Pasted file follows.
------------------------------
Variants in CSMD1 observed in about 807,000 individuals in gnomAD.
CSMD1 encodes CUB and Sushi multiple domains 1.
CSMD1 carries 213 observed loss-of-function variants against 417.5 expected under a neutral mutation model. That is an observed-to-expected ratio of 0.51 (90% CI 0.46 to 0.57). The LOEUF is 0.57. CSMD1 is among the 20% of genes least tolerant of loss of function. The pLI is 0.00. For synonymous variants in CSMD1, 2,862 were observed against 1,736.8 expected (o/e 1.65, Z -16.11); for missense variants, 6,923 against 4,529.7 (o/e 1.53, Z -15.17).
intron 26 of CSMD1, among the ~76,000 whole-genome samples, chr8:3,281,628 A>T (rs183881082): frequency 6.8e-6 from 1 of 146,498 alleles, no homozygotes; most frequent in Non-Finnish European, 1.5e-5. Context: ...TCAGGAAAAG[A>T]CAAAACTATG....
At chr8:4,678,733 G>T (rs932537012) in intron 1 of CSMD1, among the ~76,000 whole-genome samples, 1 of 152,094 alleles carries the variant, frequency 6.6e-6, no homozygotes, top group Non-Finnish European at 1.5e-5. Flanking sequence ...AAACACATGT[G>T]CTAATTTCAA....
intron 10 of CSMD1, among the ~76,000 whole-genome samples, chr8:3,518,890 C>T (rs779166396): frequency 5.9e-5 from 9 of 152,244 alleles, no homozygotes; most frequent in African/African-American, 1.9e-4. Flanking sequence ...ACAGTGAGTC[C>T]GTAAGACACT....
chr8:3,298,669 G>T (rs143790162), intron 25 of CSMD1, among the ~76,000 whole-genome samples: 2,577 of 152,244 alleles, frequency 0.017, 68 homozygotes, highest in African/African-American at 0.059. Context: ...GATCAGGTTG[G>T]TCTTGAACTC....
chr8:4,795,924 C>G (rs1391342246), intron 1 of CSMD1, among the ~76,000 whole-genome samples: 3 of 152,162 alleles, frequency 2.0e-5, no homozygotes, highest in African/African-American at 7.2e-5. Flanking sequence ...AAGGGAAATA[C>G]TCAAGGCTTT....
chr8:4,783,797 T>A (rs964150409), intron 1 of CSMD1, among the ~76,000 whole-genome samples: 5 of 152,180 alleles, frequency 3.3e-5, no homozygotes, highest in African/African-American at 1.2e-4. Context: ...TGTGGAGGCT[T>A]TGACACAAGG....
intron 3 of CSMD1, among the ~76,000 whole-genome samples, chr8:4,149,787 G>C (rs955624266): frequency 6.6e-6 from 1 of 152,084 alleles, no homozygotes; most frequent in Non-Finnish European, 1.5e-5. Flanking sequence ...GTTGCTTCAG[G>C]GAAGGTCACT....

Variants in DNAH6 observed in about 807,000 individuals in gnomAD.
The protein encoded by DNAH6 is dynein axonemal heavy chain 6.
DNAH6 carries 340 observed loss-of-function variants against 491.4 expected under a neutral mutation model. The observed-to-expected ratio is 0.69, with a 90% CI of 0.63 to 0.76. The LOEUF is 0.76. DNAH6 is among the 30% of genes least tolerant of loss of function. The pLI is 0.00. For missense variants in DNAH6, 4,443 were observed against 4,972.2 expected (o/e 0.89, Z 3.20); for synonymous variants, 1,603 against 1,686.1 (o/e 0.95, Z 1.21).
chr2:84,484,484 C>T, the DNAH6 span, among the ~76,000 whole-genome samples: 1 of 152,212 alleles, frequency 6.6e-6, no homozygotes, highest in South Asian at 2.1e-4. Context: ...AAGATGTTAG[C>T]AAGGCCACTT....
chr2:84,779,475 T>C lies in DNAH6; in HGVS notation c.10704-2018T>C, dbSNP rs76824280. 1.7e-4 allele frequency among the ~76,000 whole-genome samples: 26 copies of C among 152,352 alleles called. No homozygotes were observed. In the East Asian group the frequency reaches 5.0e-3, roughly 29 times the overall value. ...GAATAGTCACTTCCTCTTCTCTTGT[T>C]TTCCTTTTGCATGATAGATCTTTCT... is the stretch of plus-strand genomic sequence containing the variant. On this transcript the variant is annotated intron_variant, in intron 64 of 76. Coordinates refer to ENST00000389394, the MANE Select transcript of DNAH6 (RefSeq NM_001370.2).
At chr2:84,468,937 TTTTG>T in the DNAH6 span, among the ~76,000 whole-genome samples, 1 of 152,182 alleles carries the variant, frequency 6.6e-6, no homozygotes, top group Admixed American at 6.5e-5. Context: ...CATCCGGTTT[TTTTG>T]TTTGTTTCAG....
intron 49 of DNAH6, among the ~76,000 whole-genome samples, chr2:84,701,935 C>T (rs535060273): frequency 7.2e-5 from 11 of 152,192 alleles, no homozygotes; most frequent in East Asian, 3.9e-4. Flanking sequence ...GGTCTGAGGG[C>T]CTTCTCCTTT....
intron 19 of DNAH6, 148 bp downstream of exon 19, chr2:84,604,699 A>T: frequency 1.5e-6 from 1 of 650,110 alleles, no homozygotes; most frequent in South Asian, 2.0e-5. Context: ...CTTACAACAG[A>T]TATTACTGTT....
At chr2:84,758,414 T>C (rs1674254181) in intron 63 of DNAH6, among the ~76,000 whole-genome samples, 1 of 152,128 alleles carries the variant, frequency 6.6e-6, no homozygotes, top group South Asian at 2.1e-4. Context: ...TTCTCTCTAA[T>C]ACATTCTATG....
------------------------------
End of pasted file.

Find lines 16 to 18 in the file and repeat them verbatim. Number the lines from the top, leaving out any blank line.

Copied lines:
At chr2:84,468,937 TTTTG>T in the DNAH6 span, among the ~76,000 whole-genome samples, 1 of 152,182 alleles carries the variant, frequency 6.6e-6, no homozygotes, top group Admixed American at 6.5e-5. Context: ...CATCCGGTTT[TTTTG>T]TTTGTTTCAG....
intron 49 of DNAH6, among the ~76,000 whole-genome samples, chr2:84,701,935 C>T (rs535060273): frequency 7.2e-5 from 11 of 152,192 alleles, no homozygotes; most frequent in East Asian, 3.9e-4. Flanking sequence ...GGTCTGAGGG[C>T]CTTCTCCTTT....
intron 19 of DNAH6, 148 bp downstream of exon 19, chr2:84,604,699 A>T: frequency 1.5e-6 from 1 of 650,110 alleles, no homozygotes; most frequent in South Asian, 2.0e-5. Context: ...CTTACAACAG[A>T]TATTACTGTT....